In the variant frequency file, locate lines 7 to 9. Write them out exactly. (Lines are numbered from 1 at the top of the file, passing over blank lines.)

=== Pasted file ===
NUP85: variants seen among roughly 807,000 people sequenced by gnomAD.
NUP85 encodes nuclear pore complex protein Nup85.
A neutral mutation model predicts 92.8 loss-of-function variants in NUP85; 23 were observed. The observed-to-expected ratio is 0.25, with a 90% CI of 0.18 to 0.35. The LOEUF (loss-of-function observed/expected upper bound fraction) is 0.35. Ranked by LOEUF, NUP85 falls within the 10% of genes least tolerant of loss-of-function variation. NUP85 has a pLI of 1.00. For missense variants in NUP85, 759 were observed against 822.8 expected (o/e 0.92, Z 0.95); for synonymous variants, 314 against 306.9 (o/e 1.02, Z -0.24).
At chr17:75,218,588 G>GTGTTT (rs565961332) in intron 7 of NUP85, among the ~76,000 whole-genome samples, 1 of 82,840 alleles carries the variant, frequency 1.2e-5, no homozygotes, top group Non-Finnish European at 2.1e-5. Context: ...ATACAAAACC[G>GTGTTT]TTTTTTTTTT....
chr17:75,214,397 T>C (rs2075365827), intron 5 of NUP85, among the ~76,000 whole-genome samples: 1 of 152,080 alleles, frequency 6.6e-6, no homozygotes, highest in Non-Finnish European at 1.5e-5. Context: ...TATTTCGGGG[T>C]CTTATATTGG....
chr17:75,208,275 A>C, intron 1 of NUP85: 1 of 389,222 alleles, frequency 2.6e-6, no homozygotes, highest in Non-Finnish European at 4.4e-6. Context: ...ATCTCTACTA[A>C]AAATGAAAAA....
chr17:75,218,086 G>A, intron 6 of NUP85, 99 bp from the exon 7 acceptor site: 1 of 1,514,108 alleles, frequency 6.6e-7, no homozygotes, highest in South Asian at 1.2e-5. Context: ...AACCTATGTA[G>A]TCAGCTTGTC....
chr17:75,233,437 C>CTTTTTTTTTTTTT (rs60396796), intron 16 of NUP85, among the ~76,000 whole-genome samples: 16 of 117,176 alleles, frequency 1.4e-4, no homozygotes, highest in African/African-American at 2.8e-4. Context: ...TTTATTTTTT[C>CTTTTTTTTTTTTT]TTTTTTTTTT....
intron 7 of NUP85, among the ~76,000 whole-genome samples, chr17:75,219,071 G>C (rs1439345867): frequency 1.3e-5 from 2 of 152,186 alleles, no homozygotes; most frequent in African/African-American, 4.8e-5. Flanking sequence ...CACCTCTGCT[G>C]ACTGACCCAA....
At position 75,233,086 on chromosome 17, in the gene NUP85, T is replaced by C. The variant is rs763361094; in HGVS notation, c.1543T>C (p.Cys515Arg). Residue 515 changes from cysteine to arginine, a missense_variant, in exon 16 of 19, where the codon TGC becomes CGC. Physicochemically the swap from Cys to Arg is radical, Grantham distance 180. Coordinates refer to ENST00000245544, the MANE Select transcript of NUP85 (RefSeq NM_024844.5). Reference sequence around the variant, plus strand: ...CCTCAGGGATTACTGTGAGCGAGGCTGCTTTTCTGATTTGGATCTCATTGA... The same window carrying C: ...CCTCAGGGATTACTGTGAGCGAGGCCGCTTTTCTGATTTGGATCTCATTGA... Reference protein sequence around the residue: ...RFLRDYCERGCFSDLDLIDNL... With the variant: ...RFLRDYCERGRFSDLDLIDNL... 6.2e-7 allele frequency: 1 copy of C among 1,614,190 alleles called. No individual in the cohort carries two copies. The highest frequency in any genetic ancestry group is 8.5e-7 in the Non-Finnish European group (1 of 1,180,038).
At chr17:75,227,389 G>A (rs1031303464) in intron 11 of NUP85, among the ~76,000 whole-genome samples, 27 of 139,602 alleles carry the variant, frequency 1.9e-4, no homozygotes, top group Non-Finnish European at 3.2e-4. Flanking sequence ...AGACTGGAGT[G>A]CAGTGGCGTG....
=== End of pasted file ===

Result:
chr17:75,218,086 G>A, intron 6 of NUP85, 99 bp from the exon 7 acceptor site: 1 of 1,514,108 alleles, frequency 6.6e-7, no homozygotes, highest in South Asian at 1.2e-5. Context: ...AACCTATGTA[G>A]TCAGCTTGTC....
chr17:75,233,437 C>CTTTTTTTTTTTTT (rs60396796), intron 16 of NUP85, among the ~76,000 whole-genome samples: 16 of 117,176 alleles, frequency 1.4e-4, no homozygotes, highest in African/African-American at 2.8e-4. Context: ...TTTATTTTTT[C>CTTTTTTTTTTTTT]TTTTTTTTTT....
intron 7 of NUP85, among the ~76,000 whole-genome samples, chr17:75,219,071 G>C (rs1439345867): frequency 1.3e-5 from 2 of 152,186 alleles, no homozygotes; most frequent in African/African-American, 4.8e-5. Flanking sequence ...CACCTCTGCT[G>C]ACTGACCCAA....